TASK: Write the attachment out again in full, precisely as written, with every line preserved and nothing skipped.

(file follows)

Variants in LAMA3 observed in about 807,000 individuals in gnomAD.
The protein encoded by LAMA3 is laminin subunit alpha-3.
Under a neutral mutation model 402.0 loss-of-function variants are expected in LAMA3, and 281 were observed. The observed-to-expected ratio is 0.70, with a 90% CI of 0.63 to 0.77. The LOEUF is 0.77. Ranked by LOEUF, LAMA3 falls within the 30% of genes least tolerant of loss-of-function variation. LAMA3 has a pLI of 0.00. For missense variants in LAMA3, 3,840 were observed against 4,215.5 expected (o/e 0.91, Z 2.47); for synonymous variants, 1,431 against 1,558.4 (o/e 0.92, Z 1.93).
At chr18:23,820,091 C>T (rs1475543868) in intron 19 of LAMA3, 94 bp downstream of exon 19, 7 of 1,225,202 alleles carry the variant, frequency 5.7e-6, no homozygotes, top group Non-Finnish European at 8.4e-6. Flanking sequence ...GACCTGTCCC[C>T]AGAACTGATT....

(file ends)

Variants in LAMA3 observed in about 807,000 individuals in gnomAD.
The protein encoded by LAMA3 is laminin subunit alpha-3.
Under a neutral mutation model 402.0 loss-of-function variants are expected in LAMA3, and 281 were observed. The observed-to-expected ratio is 0.70, with a 90% CI of 0.63 to 0.77. The LOEUF is 0.77. Ranked by LOEUF, LAMA3 falls within the 30% of genes least tolerant of loss-of-function variation. LAMA3 has a pLI of 0.00. For missense variants in LAMA3, 3,840 were observed against 4,215.5 expected (o/e 0.91, Z 2.47); for synonymous variants, 1,431 against 1,558.4 (o/e 0.92, Z 1.93).
At chr18:23,820,091 C>T (rs1475543868) in intron 19 of LAMA3, 94 bp downstream of exon 19, 7 of 1,225,202 alleles carry the variant, frequency 5.7e-6, no homozygotes, top group Non-Finnish European at 8.4e-6. Flanking sequence ...GACCTGTCCC[C>T]AGAACTGATT....